When a Virginia couple decides to end their marriage, one of the first questions that must be faced is the division of the couple’s assets. This question can be especially vexing when at least one of the partners was previously married or if the couple owns a significant number of assets. Virginia requires that marital property be divided fairly and equitably, and the first step to making that decision is to classify the couple’s assets as marital, separate or part marital and part separate.
Marital property is all property acquired by the couple except separate property from the date of the marriage to the date of separation. The most common example of marital property is the family residence. Examples of separate property include personally owned automobile acquired as a gift from a parent or third party, an inheritance given to one of the spouses or a gift to one spouse from a third party. The third category – property that bears characteristics of both marital and separate property – can create many legal issues. Examples include income received from separate property during the marriage, appreciation in the value of separate property during the marriage.
Once property is classified, the court must determine the value of the assets. Usually, the valuation date is the date of trial, but different assets may be subject to different valuation dates. Many techniques are used to establish the value of different assets. For example, a real estate appraiser may be used to value the family home and other real estate. A financial analyst may be used to value assets such as securities and retirement plans.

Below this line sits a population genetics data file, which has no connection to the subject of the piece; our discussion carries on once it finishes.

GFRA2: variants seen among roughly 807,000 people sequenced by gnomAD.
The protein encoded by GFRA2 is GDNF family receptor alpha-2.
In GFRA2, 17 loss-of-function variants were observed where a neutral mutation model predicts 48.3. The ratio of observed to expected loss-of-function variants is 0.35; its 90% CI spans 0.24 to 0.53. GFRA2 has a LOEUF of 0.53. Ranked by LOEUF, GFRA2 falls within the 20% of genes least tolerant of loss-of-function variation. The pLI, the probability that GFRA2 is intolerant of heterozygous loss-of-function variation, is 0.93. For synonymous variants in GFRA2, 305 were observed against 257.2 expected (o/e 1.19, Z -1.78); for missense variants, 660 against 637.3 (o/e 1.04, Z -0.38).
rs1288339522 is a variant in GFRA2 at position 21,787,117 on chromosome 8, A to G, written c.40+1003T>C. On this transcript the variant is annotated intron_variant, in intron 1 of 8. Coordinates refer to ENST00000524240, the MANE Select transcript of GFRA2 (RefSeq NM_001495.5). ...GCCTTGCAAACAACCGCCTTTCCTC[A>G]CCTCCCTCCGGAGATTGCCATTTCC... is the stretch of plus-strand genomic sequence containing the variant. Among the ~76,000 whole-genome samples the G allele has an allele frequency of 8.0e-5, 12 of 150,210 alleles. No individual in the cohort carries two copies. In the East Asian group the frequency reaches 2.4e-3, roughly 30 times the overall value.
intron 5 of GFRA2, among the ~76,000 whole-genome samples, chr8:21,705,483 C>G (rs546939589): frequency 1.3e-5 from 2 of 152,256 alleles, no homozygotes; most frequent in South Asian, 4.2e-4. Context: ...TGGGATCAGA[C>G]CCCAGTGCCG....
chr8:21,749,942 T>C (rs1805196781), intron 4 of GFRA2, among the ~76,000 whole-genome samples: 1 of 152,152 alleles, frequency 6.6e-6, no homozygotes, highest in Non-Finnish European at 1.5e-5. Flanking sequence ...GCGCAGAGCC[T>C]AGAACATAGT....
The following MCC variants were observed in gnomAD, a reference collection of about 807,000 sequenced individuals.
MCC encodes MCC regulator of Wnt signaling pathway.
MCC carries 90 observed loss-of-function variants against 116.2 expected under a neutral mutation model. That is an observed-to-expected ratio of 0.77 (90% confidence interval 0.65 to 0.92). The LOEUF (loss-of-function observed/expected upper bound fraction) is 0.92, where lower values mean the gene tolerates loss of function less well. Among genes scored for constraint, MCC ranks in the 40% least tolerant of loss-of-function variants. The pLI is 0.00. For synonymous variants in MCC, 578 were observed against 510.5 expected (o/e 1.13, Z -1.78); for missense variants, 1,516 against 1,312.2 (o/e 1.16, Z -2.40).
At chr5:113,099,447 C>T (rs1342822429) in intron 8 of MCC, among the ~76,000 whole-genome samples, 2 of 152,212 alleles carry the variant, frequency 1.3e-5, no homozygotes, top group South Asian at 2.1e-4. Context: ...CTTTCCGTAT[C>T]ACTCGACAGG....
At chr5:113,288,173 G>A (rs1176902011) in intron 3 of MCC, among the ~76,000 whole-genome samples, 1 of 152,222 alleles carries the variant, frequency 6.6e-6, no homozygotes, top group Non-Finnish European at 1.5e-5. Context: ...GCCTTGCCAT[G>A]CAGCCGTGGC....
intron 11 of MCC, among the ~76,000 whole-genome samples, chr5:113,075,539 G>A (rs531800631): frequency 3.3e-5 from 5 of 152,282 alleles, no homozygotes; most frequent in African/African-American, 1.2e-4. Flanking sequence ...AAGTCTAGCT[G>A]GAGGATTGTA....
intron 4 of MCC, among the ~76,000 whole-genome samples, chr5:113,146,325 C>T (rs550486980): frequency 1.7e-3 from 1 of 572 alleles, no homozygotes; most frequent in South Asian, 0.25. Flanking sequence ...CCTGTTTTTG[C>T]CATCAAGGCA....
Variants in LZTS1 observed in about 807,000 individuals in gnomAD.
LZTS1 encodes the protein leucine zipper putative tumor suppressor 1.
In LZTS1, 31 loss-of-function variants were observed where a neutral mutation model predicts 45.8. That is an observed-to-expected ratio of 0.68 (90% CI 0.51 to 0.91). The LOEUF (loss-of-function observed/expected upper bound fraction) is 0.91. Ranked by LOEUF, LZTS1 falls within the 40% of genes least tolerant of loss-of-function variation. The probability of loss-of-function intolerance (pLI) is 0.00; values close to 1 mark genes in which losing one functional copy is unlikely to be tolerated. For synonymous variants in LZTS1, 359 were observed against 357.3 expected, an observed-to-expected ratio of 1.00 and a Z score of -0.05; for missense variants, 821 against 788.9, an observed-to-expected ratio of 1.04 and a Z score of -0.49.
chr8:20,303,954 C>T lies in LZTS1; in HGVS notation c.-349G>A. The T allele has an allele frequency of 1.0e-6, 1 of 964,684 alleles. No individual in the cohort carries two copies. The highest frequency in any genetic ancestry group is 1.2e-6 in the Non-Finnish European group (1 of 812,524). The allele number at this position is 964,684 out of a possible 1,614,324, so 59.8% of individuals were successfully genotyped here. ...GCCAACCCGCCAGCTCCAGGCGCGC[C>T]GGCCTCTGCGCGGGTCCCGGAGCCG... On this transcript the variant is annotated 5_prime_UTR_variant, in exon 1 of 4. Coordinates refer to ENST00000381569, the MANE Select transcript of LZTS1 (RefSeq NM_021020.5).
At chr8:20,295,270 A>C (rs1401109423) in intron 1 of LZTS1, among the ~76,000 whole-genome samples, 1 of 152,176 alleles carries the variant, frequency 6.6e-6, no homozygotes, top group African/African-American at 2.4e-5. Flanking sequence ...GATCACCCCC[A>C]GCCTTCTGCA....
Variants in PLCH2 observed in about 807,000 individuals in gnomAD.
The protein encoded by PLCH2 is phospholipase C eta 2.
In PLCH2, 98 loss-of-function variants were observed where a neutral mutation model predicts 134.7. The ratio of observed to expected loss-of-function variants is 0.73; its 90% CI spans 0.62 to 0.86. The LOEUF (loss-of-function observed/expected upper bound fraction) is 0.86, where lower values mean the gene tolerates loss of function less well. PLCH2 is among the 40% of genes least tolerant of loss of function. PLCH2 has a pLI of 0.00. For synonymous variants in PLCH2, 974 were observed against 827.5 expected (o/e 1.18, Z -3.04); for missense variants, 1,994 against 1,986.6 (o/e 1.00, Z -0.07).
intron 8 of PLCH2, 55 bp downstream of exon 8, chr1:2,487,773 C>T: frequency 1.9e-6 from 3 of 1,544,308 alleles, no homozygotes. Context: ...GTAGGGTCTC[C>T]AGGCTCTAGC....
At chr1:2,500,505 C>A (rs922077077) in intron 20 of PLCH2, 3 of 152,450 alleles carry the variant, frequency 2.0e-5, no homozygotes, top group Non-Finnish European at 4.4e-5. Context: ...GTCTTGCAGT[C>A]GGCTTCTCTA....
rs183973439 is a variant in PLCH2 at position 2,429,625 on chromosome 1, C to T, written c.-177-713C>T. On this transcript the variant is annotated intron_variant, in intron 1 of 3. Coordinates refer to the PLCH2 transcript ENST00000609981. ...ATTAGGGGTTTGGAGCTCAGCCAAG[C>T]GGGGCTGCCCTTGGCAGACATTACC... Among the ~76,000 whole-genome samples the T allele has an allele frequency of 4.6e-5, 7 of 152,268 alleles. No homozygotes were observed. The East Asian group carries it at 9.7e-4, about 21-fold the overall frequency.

Once property has been classified and valued, the court must set a fair and equitable division of the assets and debts. This rule does not mean that each spouse is entitled to 50 percent of each asset. Instead, the overall division must be judged to be fair and equitable. Some of the factors used by Virginia judges include contributions made by each spouse to maintaining the family’s financial well-being, the duration of the marriage, the ages and physical conditions of each spouse, the circumstances which contributed to the divorce, the liquid or non-liquid character of the assets, tax consequences of transferring ownership of some assets and how and when specific assets were acquired.
As may be easily imagined, the more assets that a couple owns, the more complicated becomes the task of dividing them. Anyone with questions about the division of marital assets may wish to consult an experienced divorce attorney for a review of the couple’s financial situation and an evaluation of various methods of dividing those assets.